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Wulcy seems to have quitted the college soon after the expiration of his office of dean of divinity, as I find no mention of him again in my extracts until 1506-7, (22 Hen. VII.) when an entry is made in the account-book of twelve pence paid to Mr. Wulcy's keeper, for bringing venison to the college.

The cardinal came to Oxford with queen Catharine' toward the end of the year 1517, (8 Hen. VIII.) and was entertained at Magdalen. In the account-book TM is a charge, For the expenses of the lord cardinal, late fellow :

For one refection in the college, besides wine this year as by bill,

Also,

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£ 8 11 11

For a copy of the arms of the lord

cardinal,

£0 10

Perhaps the society designed to have these painted on glass, to be placed, with the like memorials of other great men who should be of their number, in the windows of the lodgings of the president.

"Pro vino dato astrologis variis vicibus per billam xiid." "Uni astrologo de Westmynstre pro furto recuperando, xiii. « iiiid."

1 A. Wood, p.245.

See also Dr. Clerke's Account-books, 1656, p. 132.

In 1524 the cardinal appointed Hygden, then president, to be the first dean of the college which he had founded at Oxford".

In the account-book of the year 1526 is an entry,

For dishes given to the counsellors of the lord cardinal, by order of Mr. President, forty-eight shillings.

On what account they came to the college I know not; but in the following year Stubbs the president resigned, and Knolles was chosen to succeed him. The society instituted several suits against their late governor, which at length were referred by consent to the cardinal, each party entering into a bond of three hundred pounds to abide by his award.

Wulcy was not raised to his painful and dangerous, but envied preeminence in church and state, by good fortune and great abilities alone, and unsupported by a fair character and suitable conduct. No misdemeanor appears imputable to him as a member of Waynflete's college, which he did not leave before he was nearly, or quite,

n A. Wood, p. 248.
Ledger-book B. p. 169. 188.

thirty

thirty years old; and it seems reasonable that we suspend our belief of such stories as represent him guilty of levity and immorality elsewhere, until we have considered their probability, and weighed their evidence; remembering always, that it is far easier to affix a stain than to remove it.

CHAP

CHAPTER XIV.

The Conclusion.

HE increase of knowledge and learn

THE

ing, which Waynflete was so solicitous to promote, produced in his society warm abettors of that Reformation which expelled the Romish religion from the University and realm of England. The relics which enriched his chapel were trampled under foot, altars removed, and Mary Magdalen the tutelar saint taken away. Of the precious effects belonging to it, Walter Haddon the president sold as many as were valued at about a thousand pounds, for fifty-two pounds fourteen shillings and eight pence; which sum he consumed on alterations, as also nearly one hundred and twenty pounds of the public money. Quarterly or yearly commemorations of the founder, and of benefactors, were established in lieu of exequies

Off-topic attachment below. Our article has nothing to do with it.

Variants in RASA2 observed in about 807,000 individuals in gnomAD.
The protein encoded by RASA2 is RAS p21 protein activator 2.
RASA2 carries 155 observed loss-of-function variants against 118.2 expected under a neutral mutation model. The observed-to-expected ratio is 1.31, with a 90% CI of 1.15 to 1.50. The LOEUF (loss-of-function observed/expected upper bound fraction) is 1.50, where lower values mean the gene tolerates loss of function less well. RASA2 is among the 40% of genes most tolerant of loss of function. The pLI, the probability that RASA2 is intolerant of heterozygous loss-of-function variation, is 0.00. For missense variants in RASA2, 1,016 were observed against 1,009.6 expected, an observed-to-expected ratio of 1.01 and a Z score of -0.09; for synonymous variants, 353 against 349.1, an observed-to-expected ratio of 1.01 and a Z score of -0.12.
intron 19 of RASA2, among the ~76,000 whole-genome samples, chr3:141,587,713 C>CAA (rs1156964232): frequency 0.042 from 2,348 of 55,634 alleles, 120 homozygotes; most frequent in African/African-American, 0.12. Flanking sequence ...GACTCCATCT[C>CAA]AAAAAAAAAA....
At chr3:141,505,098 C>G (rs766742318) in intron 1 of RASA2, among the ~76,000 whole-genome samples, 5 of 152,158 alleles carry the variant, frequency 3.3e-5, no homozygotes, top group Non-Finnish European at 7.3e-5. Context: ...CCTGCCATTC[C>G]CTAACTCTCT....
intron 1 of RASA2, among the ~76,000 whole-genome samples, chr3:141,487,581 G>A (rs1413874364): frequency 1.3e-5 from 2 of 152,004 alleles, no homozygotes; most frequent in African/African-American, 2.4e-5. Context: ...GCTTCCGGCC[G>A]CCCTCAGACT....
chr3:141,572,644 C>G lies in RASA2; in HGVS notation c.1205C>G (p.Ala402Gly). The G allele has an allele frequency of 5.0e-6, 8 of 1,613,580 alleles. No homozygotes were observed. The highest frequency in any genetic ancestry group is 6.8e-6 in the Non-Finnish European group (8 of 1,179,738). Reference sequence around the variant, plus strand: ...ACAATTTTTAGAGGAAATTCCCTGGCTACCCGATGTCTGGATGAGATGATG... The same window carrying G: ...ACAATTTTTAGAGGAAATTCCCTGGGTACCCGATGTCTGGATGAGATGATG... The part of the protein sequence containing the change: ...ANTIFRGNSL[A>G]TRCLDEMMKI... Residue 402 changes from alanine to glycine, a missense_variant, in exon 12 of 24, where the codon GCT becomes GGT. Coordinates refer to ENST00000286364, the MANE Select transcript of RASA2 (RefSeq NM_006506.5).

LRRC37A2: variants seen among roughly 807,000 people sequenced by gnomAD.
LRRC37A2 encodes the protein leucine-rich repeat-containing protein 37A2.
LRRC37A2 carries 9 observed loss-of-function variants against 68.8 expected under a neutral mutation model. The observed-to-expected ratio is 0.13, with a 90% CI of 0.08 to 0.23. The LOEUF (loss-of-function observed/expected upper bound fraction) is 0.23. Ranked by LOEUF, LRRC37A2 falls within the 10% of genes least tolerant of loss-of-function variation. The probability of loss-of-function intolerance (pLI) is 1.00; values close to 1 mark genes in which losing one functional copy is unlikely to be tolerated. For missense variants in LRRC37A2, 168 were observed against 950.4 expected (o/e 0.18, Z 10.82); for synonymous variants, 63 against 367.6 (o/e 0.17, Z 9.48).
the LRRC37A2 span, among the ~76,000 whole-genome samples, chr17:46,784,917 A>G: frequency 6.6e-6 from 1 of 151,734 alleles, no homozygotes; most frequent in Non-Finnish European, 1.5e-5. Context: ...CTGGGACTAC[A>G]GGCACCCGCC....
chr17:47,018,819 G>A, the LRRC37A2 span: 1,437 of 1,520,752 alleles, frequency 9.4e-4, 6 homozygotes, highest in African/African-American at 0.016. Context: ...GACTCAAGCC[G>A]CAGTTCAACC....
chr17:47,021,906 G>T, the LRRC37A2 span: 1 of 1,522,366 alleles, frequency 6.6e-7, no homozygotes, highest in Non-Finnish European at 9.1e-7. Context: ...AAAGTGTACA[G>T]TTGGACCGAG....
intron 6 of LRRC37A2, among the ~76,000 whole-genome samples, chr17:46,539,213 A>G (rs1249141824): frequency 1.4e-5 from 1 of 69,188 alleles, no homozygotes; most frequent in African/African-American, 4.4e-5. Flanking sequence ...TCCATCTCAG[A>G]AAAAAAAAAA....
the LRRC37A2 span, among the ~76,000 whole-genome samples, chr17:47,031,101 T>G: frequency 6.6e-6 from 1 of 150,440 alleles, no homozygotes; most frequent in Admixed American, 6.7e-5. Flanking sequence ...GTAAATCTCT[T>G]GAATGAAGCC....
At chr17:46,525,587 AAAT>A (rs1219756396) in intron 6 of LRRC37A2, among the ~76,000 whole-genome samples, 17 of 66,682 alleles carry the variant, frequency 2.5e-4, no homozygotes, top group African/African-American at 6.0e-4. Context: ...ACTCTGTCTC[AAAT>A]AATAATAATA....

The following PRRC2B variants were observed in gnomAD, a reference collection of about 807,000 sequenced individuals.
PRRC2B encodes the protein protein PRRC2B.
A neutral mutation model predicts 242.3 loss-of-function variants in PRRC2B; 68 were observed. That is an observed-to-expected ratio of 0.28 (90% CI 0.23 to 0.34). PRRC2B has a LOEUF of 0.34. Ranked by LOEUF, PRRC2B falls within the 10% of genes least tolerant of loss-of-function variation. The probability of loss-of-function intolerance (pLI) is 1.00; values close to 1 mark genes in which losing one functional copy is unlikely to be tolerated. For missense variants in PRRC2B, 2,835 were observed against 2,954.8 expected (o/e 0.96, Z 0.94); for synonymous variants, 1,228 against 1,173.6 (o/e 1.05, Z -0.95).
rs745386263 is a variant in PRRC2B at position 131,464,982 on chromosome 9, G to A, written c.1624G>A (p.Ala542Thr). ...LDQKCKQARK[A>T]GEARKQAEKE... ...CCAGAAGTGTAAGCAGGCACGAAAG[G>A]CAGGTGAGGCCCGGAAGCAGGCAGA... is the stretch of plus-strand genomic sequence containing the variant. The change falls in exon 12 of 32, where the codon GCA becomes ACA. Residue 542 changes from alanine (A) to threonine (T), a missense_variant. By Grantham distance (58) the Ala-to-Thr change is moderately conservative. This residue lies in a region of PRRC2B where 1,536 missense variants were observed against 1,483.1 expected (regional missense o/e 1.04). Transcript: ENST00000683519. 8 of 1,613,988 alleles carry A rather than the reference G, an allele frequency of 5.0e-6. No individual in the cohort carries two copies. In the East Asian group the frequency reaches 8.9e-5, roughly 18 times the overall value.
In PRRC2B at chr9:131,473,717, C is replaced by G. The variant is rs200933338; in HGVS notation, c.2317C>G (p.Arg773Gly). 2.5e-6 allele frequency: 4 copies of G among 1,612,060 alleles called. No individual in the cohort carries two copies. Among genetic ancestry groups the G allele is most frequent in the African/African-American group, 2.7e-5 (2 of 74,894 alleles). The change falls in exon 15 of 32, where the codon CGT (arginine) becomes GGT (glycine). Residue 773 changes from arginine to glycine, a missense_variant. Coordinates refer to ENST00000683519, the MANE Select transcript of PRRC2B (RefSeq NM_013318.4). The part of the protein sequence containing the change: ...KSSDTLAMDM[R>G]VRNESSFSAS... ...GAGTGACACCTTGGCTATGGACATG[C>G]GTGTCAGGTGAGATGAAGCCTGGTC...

• A. Wood.

and

and obits. The pensions for masses to be said for Fastolf and others were converted, in 1551, into exhibitions. The chantrypriests were abolished. The priories, and places of their residence, except a few, were occupied by husbandmen; or the buildings, being neglected and abandoned, became venerable ruins adorning their ancient landscapes.

The first year of queen Mary, 1553, was remarkable. The tenants of the college did not renew their leases; and the bursars paid seven pounds eleven shillings and seven pence more than they received. Queen Elizabeth was crowned by Owen Oglethorpe of Magdalen, bishop of Carlisle. Dr. Humphreys, president in her reign, was noted and esteemed for his zeal and for his sufferings under her predecessor; having been of the number of exiles who were reduced to subsist on foreign charity. He was one of the commissioners for abolishing popery in Oxford in 1570; in which year the college was also visited by their ordinary the bishop of Winchester (Horne), an active puritan and destroyer of relics.

Lib. Comp. 1656, p. 58.

• Dr. Clerke's Account-book, p. 185.

The

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